Once these were wooden barges, which
Once there was even a sixth boro barge called Periwinkle, no doubt painted in that color, a popular nightspot.
Here’s another barge called Driftwood, whose paint scheme and additional storage transformed a coffee (or whatever else commodity) transporter into an off-off-Broadway-even-off-the-island entertainment palace. Only stories remain and can be told by David Sharps, who
created the Waterfront Museum out of a wooden barge he literally dug and pumped out of the Hudson River mud, saving it from the fate of those barges above. The two fotos above come courtesy of David Sharps. Now the barge, the 1914 Lehigh Valley 79 tours with 1907 tug Pegasus, and other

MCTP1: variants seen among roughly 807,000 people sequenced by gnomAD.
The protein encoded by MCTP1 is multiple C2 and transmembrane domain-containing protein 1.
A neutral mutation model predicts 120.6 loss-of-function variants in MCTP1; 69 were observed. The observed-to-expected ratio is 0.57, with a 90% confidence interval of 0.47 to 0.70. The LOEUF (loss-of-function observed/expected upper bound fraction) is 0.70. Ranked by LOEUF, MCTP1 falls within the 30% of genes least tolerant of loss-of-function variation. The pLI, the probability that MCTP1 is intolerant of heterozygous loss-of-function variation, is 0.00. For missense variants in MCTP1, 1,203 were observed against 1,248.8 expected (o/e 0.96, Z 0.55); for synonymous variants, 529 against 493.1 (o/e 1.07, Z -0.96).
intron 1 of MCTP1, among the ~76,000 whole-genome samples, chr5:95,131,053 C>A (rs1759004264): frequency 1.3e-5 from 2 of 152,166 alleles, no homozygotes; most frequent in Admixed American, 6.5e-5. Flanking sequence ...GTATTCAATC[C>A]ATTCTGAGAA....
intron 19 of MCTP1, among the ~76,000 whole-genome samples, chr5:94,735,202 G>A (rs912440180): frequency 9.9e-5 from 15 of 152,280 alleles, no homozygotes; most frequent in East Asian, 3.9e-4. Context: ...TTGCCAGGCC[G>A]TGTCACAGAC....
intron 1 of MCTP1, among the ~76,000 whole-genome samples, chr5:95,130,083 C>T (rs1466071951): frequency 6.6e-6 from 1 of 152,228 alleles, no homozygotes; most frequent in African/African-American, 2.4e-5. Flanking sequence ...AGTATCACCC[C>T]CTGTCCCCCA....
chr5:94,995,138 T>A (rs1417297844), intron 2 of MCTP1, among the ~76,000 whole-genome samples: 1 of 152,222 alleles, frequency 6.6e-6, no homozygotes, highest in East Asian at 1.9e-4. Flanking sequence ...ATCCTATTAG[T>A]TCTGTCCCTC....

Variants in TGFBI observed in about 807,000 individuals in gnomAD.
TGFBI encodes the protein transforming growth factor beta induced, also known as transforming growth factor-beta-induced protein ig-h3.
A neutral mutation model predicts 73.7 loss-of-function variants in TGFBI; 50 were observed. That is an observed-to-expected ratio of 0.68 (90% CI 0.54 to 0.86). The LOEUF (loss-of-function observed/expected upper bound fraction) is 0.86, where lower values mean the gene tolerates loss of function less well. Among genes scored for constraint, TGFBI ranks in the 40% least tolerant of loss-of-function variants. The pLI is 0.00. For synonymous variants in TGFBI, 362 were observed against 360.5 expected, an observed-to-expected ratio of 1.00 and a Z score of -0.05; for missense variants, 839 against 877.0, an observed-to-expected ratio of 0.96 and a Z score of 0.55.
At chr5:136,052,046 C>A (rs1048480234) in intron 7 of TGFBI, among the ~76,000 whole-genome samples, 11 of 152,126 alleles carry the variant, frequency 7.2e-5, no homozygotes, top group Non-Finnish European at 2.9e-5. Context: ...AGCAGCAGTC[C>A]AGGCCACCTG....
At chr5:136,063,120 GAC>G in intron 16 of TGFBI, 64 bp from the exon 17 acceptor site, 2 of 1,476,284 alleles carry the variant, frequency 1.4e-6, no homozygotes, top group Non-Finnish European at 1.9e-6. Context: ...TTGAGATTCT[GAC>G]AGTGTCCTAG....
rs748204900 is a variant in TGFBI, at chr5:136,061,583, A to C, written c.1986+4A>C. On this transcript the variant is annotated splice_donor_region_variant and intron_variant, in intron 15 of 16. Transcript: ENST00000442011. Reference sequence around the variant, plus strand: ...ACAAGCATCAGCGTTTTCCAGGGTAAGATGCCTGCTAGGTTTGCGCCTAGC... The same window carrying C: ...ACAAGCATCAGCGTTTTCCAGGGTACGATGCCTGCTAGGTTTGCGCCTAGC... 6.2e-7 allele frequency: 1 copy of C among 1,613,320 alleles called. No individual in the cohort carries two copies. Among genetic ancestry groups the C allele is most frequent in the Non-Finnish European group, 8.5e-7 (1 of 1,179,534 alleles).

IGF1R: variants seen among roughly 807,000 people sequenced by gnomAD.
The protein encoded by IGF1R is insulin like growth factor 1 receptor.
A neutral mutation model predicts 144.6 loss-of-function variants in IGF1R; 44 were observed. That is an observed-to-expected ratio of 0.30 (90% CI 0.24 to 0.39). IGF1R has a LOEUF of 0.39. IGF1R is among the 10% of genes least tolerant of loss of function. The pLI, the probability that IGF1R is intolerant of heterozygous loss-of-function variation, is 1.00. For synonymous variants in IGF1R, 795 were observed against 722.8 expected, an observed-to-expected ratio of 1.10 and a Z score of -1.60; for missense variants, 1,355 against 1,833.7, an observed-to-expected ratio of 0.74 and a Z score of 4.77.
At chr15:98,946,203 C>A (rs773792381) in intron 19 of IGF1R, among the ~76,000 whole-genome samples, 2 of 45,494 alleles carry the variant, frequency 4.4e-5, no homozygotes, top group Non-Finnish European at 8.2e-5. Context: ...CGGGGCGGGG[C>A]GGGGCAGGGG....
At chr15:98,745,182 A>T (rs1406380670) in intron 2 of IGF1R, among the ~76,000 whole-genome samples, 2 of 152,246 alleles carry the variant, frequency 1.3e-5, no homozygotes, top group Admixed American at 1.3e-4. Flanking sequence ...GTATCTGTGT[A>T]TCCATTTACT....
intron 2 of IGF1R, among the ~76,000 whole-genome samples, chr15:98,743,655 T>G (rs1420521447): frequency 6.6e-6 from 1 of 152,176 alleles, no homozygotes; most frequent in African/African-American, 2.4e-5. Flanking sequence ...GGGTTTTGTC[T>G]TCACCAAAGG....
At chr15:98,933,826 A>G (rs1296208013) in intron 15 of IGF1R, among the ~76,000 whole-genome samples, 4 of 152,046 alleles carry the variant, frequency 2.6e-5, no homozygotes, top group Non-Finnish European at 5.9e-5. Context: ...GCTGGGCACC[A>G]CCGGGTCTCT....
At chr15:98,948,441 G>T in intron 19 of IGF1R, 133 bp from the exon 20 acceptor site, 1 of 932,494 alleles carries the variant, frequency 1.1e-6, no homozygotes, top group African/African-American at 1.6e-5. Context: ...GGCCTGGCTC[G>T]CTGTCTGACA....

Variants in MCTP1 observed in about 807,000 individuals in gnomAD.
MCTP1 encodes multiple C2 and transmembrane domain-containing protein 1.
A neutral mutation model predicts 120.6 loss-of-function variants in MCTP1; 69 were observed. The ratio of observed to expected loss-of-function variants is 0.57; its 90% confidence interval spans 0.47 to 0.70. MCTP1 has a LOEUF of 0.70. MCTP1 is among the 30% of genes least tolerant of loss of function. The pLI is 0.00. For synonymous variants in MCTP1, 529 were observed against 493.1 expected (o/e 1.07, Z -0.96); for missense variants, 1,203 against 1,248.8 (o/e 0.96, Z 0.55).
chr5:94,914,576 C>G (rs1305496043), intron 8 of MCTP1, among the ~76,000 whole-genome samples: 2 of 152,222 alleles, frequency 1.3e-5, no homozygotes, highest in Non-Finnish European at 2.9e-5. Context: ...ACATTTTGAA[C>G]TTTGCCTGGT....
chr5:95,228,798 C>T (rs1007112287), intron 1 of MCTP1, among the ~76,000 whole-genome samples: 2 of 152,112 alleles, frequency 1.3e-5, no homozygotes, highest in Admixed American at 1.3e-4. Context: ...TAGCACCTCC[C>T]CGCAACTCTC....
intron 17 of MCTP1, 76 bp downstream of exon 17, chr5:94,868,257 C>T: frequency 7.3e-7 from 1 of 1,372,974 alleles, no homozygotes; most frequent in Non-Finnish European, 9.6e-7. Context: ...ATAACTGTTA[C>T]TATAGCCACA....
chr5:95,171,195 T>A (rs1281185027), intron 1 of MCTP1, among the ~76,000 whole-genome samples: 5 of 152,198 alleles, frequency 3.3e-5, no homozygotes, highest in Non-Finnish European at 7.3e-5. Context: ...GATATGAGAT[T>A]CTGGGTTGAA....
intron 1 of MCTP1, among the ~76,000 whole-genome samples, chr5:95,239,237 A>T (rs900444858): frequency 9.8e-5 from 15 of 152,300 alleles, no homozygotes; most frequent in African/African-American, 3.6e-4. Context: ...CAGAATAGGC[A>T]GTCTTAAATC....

vessels like the 1901 Urger, featured in many posts on this blog, help us visualize what those ruins in the top fotos once looked like and serve as places of entertainment even today. Here’s one set of fotos of Urger high, dry, but cold.
Anyhow, with five minutes of your time, you can help LV-79 and Pegasus collect a $250,000 grant for ongoing repairs. Just click here–AND each day until May 21 on the icon upper left side of this blog to vote. Partners in Preservation has chosen to award $$ by grant applicants demonstrated ability to use social media. So please vote . . . and ask a handful of your friends to do so as well . . . .
Unless otherwise attributed, all fotos by Will Van Dorp.